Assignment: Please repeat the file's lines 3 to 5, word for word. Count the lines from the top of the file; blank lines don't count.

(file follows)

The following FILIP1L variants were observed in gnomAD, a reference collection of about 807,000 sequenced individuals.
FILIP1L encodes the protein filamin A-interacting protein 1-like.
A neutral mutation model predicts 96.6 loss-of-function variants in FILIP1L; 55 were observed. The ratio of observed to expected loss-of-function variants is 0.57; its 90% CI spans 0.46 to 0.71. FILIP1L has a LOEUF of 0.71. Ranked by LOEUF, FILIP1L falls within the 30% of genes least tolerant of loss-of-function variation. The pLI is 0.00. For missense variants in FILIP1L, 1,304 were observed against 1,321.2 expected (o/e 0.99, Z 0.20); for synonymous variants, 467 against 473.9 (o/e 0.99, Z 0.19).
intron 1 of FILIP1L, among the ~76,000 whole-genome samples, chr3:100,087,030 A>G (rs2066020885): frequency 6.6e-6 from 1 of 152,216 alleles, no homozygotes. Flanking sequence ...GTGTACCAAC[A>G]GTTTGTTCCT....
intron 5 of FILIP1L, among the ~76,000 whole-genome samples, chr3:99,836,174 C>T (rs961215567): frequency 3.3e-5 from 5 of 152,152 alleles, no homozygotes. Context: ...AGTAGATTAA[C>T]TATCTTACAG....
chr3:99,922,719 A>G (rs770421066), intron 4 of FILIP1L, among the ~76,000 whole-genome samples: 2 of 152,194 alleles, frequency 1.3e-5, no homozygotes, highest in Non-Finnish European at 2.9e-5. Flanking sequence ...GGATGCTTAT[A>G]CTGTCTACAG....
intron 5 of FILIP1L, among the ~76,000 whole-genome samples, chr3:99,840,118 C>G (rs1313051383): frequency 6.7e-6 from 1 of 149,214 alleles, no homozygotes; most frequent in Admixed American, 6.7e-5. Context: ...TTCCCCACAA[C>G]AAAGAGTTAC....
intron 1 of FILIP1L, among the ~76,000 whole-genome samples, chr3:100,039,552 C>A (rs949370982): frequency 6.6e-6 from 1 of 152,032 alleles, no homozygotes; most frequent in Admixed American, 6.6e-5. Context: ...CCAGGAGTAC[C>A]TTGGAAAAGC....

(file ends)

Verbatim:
A neutral mutation model predicts 96.6 loss-of-function variants in FILIP1L; 55 were observed. The ratio of observed to expected loss-of-function variants is 0.57; its 90% CI spans 0.46 to 0.71. FILIP1L has a LOEUF of 0.71. Ranked by LOEUF, FILIP1L falls within the 30% of genes least tolerant of loss-of-function variation. The pLI is 0.00. For missense variants in FILIP1L, 1,304 were observed against 1,321.2 expected (o/e 0.99, Z 0.20); for synonymous variants, 467 against 473.9 (o/e 0.99, Z 0.19).
intron 1 of FILIP1L, among the ~76,000 whole-genome samples, chr3:100,087,030 A>G (rs2066020885): frequency 6.6e-6 from 1 of 152,216 alleles, no homozygotes. Flanking sequence ...GTGTACCAAC[A>G]GTTTGTTCCT....
intron 5 of FILIP1L, among the ~76,000 whole-genome samples, chr3:99,836,174 C>T (rs961215567): frequency 3.3e-5 from 5 of 152,152 alleles, no homozygotes. Context: ...AGTAGATTAA[C>T]TATCTTACAG....